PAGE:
LOGISTICS: The Lower Deschutes web site has maps and information on the run including everything you need to make a reservation and obtain a permit which can all be done online. The The Prineville District BLM and Oregon State Parks also publish a Deschutes River Boater's Guide with mile-by-mile rapid descriptions, campsites (including relative size and accessibility to shade), human and geologic history of the river, and detailed maps.
Trout Creek is a BLM access site with camping, vehicle access, toilet, tables, garbage service, and boat ramp. Day use and overnight parking is available for this site which serves as a put-in or take-out. There is also a trailhead here that provides access to the 7.6 mile trail that follows the old railroad grade up to Mecca Flat. There is also a ranger station staffed during the summer with visitor information, boater check-in, and emergency communications.
Wave train down the left and boulder garden on the right.
Large waves and a small ledge drop with a hole to the left that is best avoided.
Management Plan for the Lower Deschutes Wild and Scenic River
This gauge is located just upstream of the mouth with the Columbia River. Flows are regulated by reservoirs upstream but always high enough for boating. Release from the last reservoir is provided by the Deschutes near Madras which is an alternate gauge used for this run. Flows are typically around 6500 cfs through the winter and early spring, and then dip to 4000 cfs during the summer.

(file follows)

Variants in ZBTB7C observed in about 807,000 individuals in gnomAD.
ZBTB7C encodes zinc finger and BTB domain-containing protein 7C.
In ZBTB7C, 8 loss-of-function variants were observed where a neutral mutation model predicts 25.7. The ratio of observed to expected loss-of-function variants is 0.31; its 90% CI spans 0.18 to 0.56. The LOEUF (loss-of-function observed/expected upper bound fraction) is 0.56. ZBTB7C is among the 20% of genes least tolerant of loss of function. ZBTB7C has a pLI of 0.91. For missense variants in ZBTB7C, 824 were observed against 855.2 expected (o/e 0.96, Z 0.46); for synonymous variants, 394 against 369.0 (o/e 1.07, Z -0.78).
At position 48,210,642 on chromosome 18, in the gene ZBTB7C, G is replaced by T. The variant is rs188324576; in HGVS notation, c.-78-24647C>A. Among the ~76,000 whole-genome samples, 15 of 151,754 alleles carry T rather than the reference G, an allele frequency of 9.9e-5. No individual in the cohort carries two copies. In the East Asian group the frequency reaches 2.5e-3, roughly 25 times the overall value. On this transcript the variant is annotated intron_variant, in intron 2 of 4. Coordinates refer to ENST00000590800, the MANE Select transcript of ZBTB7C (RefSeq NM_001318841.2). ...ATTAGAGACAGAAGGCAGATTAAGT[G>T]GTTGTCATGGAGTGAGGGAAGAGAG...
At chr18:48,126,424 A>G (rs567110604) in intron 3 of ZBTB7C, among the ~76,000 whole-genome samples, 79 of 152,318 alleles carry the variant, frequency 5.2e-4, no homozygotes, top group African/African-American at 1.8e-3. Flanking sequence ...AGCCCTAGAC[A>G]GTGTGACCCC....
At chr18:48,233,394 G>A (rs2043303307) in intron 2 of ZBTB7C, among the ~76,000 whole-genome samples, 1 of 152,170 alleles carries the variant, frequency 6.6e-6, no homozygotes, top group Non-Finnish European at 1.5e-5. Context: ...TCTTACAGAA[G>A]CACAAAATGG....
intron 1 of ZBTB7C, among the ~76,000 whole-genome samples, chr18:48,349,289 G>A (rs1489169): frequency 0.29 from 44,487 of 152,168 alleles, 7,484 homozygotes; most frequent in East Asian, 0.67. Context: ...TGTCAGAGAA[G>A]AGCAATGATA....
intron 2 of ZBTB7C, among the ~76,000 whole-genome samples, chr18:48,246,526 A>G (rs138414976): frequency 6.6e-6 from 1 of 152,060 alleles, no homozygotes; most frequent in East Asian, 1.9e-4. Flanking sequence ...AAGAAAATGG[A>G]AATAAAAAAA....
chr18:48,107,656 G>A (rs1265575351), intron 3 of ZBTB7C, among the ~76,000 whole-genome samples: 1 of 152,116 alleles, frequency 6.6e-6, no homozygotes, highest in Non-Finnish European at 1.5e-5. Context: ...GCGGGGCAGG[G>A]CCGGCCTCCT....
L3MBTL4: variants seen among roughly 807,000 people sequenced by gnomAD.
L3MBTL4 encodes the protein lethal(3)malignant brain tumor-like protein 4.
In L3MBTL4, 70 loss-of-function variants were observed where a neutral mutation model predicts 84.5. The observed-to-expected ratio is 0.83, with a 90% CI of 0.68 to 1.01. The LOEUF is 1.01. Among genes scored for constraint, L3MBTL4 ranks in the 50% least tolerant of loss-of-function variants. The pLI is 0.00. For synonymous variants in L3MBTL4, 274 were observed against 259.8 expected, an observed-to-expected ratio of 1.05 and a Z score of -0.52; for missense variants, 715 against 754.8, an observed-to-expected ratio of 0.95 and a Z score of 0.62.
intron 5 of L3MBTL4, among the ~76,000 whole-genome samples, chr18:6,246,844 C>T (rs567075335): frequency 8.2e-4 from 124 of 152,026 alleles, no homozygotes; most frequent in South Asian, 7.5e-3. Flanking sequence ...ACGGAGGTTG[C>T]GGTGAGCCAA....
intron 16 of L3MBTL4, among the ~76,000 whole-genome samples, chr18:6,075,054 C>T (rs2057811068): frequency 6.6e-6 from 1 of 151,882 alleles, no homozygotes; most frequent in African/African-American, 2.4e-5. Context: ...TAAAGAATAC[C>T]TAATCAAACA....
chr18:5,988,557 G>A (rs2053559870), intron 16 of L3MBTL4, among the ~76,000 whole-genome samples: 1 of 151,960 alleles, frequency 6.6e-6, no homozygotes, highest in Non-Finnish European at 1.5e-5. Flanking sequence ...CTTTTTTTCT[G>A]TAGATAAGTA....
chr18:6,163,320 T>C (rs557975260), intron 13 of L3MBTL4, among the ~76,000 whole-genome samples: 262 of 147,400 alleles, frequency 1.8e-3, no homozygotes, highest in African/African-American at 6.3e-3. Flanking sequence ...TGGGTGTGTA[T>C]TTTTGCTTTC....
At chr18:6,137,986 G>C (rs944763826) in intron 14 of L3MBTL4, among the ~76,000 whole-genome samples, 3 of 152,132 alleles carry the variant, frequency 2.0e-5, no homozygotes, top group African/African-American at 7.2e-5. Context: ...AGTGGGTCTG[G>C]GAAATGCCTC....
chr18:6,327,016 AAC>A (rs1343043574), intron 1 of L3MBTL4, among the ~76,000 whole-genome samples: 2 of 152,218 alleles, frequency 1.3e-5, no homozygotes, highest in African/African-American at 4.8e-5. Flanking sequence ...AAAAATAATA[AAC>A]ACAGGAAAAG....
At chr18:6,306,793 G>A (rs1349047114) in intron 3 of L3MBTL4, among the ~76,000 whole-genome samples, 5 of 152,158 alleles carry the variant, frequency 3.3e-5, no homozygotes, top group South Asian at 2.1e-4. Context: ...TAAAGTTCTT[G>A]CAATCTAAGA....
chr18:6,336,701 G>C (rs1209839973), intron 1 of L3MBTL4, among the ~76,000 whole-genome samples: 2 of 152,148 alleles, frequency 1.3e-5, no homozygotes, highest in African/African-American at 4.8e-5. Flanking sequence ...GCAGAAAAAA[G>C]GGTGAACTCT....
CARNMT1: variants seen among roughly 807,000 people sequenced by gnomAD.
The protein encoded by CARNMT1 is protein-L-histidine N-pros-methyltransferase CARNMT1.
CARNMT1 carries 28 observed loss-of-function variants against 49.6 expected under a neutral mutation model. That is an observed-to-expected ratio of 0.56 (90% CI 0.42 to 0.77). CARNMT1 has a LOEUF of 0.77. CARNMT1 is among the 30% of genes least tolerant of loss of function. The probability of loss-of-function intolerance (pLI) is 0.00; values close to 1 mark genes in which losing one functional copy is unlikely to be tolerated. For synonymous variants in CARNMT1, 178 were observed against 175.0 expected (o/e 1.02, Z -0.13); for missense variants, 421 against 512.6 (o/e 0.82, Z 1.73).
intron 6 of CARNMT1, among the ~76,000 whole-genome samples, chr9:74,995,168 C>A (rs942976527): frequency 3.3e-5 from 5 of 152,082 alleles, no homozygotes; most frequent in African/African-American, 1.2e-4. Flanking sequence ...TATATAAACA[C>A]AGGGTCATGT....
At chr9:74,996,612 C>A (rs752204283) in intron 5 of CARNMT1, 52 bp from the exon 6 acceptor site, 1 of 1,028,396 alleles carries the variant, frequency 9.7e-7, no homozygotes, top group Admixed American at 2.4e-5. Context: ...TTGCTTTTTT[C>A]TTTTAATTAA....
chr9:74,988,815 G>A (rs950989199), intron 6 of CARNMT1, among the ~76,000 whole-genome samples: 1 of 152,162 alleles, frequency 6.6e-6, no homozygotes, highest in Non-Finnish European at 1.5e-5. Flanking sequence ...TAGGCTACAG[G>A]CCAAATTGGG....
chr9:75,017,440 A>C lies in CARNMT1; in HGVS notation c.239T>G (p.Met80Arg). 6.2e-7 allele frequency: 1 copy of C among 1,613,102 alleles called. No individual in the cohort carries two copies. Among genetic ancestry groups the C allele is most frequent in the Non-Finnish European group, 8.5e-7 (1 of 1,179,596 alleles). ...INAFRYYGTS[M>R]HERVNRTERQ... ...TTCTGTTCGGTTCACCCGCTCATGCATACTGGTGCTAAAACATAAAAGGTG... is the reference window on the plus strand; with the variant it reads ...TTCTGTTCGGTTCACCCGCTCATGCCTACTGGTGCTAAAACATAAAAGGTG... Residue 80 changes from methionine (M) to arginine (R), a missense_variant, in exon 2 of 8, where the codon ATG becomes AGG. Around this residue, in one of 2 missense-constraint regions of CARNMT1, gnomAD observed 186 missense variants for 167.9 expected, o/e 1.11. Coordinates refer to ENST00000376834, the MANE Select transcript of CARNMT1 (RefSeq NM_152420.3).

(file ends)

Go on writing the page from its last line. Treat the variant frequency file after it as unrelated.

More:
We have no additional detail on this route.
Use the map below to calculate how
to arrive to the main town from your zipcode.
Horizon Line at Buckskin Mary
Trout Creek Access
Mecca Flat Access
Maupin City Park Access
Deschutes River Canyon
Deschutes River Canyon
Running Buckskin Mary
Rafting on the Deschutes
Entering Whitehorse Rapid
Sandy Beach Access
Lower Elevator Rapids
Upper Elevator Rapids
White River Rapids
Oak Springs Rapids
Surf City Rapids
Maupin City Park
Buckskin Mary Rapids Raft Run
Buckskin Mary Rapids
Ender at Whiskey Dick
Whiskey Dick Campsite
Rainbow Launch: Hwy 26
Johnny @ Box Car
Oak Springs, Deschutes
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This week, Oregon House Bill 2835 re-passed the Oregon House on a 52-7 vote. Having earlier cleared the Senate, the bill now awaits a signature from the Governor to be signed into law. For decades, opportunities to protect and improve the ability of the public to access and legally use waterways for recreation have seen minimal progress, while efforts to severely limit access have been a consistent threat. Oregon House Bill 2835 is a pivotal piece of legislation in Oregon, and the first proactive waterway access bill in recent history to have made it through the state legislature.